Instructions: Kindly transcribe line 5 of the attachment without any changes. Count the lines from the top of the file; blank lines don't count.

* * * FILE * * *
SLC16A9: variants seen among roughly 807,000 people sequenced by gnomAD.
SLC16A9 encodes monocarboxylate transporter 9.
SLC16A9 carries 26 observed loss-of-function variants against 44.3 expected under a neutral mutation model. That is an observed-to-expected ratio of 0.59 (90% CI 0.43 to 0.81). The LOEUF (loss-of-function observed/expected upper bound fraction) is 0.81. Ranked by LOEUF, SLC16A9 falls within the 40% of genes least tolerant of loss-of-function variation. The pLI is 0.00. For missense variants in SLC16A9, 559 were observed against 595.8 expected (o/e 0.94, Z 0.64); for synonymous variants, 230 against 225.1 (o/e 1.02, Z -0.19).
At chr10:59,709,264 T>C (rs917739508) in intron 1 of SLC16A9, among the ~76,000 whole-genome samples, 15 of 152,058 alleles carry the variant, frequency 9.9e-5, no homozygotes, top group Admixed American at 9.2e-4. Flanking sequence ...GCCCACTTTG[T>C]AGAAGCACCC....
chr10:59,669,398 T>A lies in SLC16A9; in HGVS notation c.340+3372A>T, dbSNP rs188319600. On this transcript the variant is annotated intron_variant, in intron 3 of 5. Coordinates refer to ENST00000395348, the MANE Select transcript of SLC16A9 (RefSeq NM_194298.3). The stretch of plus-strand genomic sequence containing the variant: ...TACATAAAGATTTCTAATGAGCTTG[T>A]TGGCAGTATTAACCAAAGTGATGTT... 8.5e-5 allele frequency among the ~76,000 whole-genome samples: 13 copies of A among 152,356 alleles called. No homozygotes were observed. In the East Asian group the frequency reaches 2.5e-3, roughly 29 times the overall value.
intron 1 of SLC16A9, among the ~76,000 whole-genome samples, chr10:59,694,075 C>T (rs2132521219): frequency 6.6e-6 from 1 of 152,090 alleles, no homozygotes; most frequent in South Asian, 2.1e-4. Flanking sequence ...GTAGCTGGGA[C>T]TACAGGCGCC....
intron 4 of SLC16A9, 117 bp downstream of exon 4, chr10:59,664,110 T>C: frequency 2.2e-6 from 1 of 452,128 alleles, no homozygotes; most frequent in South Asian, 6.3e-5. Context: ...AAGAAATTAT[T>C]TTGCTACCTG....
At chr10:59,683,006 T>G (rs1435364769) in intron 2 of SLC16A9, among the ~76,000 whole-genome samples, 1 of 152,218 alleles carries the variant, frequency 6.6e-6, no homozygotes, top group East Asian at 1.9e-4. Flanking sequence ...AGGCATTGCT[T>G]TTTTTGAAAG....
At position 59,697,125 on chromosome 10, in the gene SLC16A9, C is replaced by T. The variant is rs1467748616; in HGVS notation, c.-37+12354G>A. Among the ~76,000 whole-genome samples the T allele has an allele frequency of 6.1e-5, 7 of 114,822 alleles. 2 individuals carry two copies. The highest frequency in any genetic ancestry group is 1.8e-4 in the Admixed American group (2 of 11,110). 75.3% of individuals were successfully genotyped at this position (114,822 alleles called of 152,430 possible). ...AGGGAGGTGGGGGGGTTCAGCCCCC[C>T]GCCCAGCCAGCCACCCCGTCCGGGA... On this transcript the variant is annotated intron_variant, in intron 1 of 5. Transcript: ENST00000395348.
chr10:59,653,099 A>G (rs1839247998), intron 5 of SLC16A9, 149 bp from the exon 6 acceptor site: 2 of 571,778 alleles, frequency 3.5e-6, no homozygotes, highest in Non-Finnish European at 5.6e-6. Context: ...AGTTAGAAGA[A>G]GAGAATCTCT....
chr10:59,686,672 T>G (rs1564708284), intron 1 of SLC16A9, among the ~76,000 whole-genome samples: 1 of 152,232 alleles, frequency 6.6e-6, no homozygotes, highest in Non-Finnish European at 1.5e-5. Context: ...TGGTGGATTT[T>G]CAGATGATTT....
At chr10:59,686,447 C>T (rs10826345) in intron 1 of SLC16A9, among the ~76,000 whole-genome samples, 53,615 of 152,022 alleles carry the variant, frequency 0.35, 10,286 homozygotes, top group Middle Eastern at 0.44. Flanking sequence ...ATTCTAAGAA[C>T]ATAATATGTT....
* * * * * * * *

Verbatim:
chr10:59,669,398 T>A lies in SLC16A9; in HGVS notation c.340+3372A>T, dbSNP rs188319600. On this transcript the variant is annotated intron_variant, in intron 3 of 5. Coordinates refer to ENST00000395348, the MANE Select transcript of SLC16A9 (RefSeq NM_194298.3). The stretch of plus-strand genomic sequence containing the variant: ...TACATAAAGATTTCTAATGAGCTTG[T>A]TGGCAGTATTAACCAAAGTGATGTT... 8.5e-5 allele frequency among the ~76,000 whole-genome samples: 13 copies of A among 152,356 alleles called. No homozygotes were observed. In the East Asian group the frequency reaches 2.5e-3, roughly 29 times the overall value.